the money and turn their arms over to the Resistance. The paid village
informants are double agents or identified by their neighbors and
targeted by insurgents.

The Afghan collaborators, Washington’s closest allies, are seen
as corrupt traitors; transient rulers who have their bags packed and US
passports in hand, ready to flee when the US is forced to exit. All
the programs, “reconstruction” funds, training missions and “civic
programs” have failed to win the allegiance of the Afghan people, now as
in the past as well as in the future, because they are seen as part of
the US military occupation ultimately based on violence.

Ten Reasons Why the Afghan Resistance Will Win

1. The Resistance has deep roots in the population – family
community, linguistic and cultural ties which the US does not possess
nor can “invent”; nor can these ties be bought, traded or replicated by
their Afghan ‘collaborators’ or imposed by propaganda.
2. The Resistance has fluid borders and broad international
support especially with Pakistan but also with other anti-imperialist,
Islamic groups who provide arms and volunteers and who engage in
actively attacking the logistical transport supply lines of US-NATO
military in Pakistan. They also pressure overseas US client regimes
like Pakistan and Saudi Arabia, Yemen and Somalia opening multiple
fronts.
3. Widespread infiltration, voluntary, active and passive
support of the Resistance among the US recruited and trained Afghan
military and police results in crucial intelligence on troop movements.
Desertions and absenteeism undermines “military competence”.
4. The scope and breadth of Resistance activity over extends
the imperial armies at its current strength and causes it to
rely on unreliable Afghan security, who have no stomach for killing
their brethren, especially when directed against communities with
relatives or ethnic kin.
5. Resistance allies are more loyal, less corrupt and reliable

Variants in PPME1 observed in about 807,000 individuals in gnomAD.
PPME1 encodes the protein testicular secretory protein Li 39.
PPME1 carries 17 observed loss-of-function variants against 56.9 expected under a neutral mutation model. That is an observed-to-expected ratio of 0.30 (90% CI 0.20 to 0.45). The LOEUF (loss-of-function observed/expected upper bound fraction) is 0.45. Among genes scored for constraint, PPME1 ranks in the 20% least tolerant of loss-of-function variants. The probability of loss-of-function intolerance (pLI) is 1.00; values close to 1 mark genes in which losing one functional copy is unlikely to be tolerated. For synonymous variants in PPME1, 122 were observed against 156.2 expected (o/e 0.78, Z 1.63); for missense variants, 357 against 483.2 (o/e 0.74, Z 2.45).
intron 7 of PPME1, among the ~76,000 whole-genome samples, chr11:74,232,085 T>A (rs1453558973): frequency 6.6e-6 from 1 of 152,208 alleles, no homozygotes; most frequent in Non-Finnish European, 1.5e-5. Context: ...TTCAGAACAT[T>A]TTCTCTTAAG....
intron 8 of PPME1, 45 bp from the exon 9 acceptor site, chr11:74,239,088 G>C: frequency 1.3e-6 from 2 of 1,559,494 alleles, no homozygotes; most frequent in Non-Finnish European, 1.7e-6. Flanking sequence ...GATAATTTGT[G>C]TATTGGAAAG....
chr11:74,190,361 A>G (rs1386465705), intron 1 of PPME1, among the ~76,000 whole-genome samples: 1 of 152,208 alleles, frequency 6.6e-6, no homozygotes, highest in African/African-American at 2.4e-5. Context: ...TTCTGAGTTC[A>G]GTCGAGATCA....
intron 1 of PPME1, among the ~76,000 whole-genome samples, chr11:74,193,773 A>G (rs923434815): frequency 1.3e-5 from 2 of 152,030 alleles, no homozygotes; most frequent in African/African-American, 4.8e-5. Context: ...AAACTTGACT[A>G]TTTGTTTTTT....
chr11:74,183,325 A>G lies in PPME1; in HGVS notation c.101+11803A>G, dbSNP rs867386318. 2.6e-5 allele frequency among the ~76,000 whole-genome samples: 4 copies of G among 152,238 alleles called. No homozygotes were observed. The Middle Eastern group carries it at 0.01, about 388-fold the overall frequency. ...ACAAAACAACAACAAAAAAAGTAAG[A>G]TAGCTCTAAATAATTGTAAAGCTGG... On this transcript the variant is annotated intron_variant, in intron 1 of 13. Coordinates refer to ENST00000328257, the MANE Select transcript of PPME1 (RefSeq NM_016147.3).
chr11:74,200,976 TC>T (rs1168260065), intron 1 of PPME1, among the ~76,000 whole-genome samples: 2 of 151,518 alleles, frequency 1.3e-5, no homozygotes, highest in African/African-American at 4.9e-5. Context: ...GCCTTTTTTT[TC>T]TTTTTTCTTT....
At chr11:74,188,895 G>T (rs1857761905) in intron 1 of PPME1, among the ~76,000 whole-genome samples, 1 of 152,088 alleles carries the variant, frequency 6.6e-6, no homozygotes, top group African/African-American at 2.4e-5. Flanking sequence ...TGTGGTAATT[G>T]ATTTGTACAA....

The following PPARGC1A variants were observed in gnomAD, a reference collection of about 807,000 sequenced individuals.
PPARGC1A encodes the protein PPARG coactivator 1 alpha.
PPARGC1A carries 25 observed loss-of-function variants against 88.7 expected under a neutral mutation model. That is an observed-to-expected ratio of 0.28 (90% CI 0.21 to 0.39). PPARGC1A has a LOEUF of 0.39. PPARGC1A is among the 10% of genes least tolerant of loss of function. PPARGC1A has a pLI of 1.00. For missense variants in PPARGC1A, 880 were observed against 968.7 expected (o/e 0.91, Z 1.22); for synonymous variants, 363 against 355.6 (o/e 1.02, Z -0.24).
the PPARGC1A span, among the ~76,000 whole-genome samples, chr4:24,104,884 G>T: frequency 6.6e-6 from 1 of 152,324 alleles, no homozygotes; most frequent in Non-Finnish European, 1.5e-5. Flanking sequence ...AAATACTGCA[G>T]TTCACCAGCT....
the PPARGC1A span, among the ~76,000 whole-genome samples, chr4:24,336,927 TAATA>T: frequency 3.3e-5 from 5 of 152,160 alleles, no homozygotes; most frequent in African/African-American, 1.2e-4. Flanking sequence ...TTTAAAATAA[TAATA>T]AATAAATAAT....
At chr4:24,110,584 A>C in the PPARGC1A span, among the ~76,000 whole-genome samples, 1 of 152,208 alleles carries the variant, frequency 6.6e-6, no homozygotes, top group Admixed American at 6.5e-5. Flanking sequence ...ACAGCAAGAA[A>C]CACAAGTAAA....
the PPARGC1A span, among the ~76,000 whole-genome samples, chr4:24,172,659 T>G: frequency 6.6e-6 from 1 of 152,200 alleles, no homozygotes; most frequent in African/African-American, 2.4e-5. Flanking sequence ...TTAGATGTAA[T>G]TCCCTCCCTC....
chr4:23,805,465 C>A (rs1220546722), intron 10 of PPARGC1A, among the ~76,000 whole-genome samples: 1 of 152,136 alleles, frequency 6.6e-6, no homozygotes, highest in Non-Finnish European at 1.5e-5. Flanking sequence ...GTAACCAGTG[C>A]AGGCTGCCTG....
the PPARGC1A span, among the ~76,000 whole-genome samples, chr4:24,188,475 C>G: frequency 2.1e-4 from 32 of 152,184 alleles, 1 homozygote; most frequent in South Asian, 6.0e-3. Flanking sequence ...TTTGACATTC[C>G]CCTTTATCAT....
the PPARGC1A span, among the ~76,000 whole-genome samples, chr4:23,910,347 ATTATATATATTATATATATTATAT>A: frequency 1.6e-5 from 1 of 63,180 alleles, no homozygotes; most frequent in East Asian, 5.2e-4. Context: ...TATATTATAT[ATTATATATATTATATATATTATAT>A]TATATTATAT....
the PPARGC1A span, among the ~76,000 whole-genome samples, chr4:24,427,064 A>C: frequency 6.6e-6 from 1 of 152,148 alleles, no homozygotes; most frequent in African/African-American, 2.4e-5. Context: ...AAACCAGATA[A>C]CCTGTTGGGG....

because of deeply shared beliefs. US allies are loyal only because of
ephemeral monetary gratification and the temporary presence of US
military force.
6. The Resistance appeals to the people in the name of a return
to law and order
in everyday life, which preceded the disruptive
invasion. The US promise of positive outcomes following a successful
war, have no popular resonance after a decade long destructive
occupation.
7. The US has no belief system that can compete with the
religious-nationalist-traditionalist appeal of the Resistance to the
vast majority of village, small town and displaced rural population.
8. The Resistance’s support of Iraqi, Palestinian and other
anti-imperialist forces has a positive appeal among the Afghan people
who have seen the destructive results of US wars in Iraq and proxy wars
in Pakistan, Somalia and Yemen. The US backed Israeli assault of
Lebanon and the humanitarian ship destined for Palestine and the highly
visible presence of Zionist militants in the US government, repels the
more politically aware opinion leaders in Afghanistan.
9. Afghans have, by force of circumstances, longer staying
power in resisting the US military occupation, than the US people who
have other, far more pressing needs and the US military with growing
commitments in the Gulf.
10. The Afghan Resistance does not normally kill civilians in
combat missions since the US troops and NATO are clearly identified.
Whereas, the opposite is not true. The Afghans who are part of the
villages in occupied communities are subject to assassinations by
“Special Forces” and drone bombings. In these circumstances ordinary
people suffer the same military assaults as Resistance fighters.

A Failed Mission: The Incapacity to Build a Reliable,
Effective Afghan Mercenary Army